Council tours parks, projects

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Sunday, April 20, 2008
— It wasn’t exactly a party bus.

But city staff and Janesville City Council members enjoyed themselves Saturday on a five-hour bus tour of projects and priorities throughout the city.

The tour gave new council members a chance to see what they will be working on and a chance for staff to update the whole council on ongoing plans.

“What I got out of this tour was that we are not isolating all of our energies in one area of the city,” said new council member Kathy Voskuil. “Wow, we’ve got a lot of stuff going on … Every area has something going on that has the potential for growth of the city and for future economic growth.”

The big-ticket item on the tour was the city’s wastewater treatment facility on County D on Janesville’s south side. The tour also looked at parks, buildings scheduled for demolition and sites of future construction.

A couple of sites have been in the news a lot lately, like Riverside Park and the $140 million hospital proposed by Dean Health System and SSM Health Care of Wisconsin on the city’s southeast side.

“I felt really good, because there are a lot of exciting things that are happening in Janesville,” new council member Yuri Rashkin said.

Renewing wastewater treatment

This summer, city staff will propose two options to upgrade the city’s wastewater treatment plant, which had a 20-year expansion in 1986.

The upgrade will cost about $30 million, City Manager Steve Sheiffer said. The council will have to decide whether to do the project in one shot or break it up into smaller pieces.

The $30 million proposal will be the largest capital project the city has taken on since the plant was last upgraded.

The plant treated 17 million gallons of wastewater per day last year. It sometimes peaks at 30 million gallons, said Dennis Egge, superintendent.

With this wet spring, the plant has been averaging up to 26 million gallons daily, Egge said.

The plant can handle the extra capacity, Egge said, but it does strain equipment.

A $30 million investment will ensure adequate capacity, Sheiffer said.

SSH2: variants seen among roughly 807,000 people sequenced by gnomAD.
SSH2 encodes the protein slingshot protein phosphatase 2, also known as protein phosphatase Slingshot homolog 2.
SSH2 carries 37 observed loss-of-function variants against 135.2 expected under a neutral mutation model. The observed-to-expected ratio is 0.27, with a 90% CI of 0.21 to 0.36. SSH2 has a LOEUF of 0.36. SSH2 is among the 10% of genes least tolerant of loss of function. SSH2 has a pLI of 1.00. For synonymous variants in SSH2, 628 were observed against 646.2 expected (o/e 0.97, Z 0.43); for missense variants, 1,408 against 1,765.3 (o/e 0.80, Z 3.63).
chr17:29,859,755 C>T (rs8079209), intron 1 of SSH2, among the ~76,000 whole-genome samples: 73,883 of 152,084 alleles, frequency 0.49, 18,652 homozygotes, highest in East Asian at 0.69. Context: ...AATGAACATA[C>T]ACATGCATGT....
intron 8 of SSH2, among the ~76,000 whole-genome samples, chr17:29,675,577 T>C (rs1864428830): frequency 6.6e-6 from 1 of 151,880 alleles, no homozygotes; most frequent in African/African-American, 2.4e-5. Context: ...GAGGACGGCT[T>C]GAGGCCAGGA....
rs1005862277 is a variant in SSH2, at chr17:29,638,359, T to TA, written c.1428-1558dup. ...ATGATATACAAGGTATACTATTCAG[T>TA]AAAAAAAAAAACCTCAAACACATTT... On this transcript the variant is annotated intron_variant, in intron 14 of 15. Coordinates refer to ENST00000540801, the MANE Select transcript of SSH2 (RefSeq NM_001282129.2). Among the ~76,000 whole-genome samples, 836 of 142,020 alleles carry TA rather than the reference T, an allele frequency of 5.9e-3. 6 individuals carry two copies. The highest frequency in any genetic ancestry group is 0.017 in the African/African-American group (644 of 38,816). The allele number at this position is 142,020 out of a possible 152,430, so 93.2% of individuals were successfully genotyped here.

“That’s crucial because of the need to create jobs and continue to put clean water back into the river,” he said.

Wastewater treatment facilities are typically “capital intensive,” Sheiffer said. The city spends about $3 million annually to maintain the plant.

It would cost about $150 to replace the plant, Sheiffer said.

A watery discussion

The tour cruised through Riverside Park and past Rockport Pool, among other parks and recreational areas.

This summer while the council is deciding how to upgrade the wastewater treatment plant, city staff will also bring forward plans for upgrades to the city’s aquatics facilities.

The council will consider plans to renovate and maintain the wading pool at Riverside Park or to build a splash pad at the park. It also will consider options to renovate Rockport Pool, Sheiffer said. Costs are not available for either project right now, he said.

“You will be on the spot in August,” Sheiffer said to council members.

Cleaning up the place

The tour swung by two aging buildings that could be torn down this year.

The former Accudyne property, 340 Rockport Road, is owned by the city and scheduled for demolition, possibly yet this year.

The parking lot will be removed, and the spot will become green space on the bank of the Rock River.

Not far away, on Center Avenue near the Five Points, the tour looked at the former Connor Supply building. Hendricks Development has plans to tear down the building and build a neighborhood strip center that could include a grocery store, a restaurant and other retail shops.

Last updated: 8:55 pm Thursday, December 13, 2012

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